“Lento” [“Slow”], from 2003’s Sí is a straightforward love song, told from the perspective of a girl instructing a boy who has a crush on her how he may win her heart. With its refrain of “Be delicate and wait, give me time to give you all that I have”, the lyrics capture that innocent feeling of teenage affection that getting older only illuminates, and these words are as accessible as they are practical.
However, the real sell for this song comes in the form of its musical accompaniment. Amidst a clash of acoustic and bass guitars with programmed drums and keyboard synth-effects, “Lento” makes no pretension to being anything other than a modern pop love song. Yet, it’s the last thirty seconds of the track which can only be described as revelation: Venegas’s accordion embodying the sound of love’s fruition. With remarkable skill, the notes float in the air, grasping something as ineffable as love itself. And while the album version is perfectly subdued and melodic, it is brutally short. To truly understand it, I’d recommend listening to the song in any of its live incarnations (particularly her KCRW session from 2004), where Venegas improvises the melody as if it were a jazz standard. While I can’t say that “Lento” will change your life, I can promise that it’ll make you smile every time you hear it; and isn’t that all you really need from a pop song?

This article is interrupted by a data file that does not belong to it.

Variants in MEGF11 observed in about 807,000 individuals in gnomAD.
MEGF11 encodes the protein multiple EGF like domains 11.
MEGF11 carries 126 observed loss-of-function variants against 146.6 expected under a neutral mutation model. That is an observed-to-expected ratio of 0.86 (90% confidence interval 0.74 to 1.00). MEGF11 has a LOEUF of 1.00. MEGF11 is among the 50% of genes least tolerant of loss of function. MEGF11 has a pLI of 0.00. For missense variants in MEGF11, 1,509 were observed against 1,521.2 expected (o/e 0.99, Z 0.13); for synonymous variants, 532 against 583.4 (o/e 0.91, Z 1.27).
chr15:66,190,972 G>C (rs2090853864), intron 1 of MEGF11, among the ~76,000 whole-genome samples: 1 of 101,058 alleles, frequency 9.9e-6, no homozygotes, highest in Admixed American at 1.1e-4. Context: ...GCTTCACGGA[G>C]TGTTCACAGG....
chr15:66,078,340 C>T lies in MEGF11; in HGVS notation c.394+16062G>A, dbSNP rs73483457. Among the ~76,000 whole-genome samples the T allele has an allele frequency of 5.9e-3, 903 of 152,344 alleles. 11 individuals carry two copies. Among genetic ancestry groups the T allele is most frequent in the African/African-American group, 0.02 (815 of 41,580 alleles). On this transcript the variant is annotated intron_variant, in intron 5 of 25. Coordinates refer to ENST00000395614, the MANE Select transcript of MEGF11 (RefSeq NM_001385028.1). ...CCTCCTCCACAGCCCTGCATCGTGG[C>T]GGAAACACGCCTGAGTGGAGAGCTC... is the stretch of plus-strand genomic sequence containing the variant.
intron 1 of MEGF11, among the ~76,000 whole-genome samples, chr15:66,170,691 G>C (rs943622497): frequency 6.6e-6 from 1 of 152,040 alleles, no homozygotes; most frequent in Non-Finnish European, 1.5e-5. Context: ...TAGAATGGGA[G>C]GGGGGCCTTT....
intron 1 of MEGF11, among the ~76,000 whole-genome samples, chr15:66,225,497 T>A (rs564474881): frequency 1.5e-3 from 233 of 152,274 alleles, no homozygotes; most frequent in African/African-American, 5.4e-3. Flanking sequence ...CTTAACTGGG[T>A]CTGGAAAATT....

By: Andrew Casillas
Published on: 2007-10-16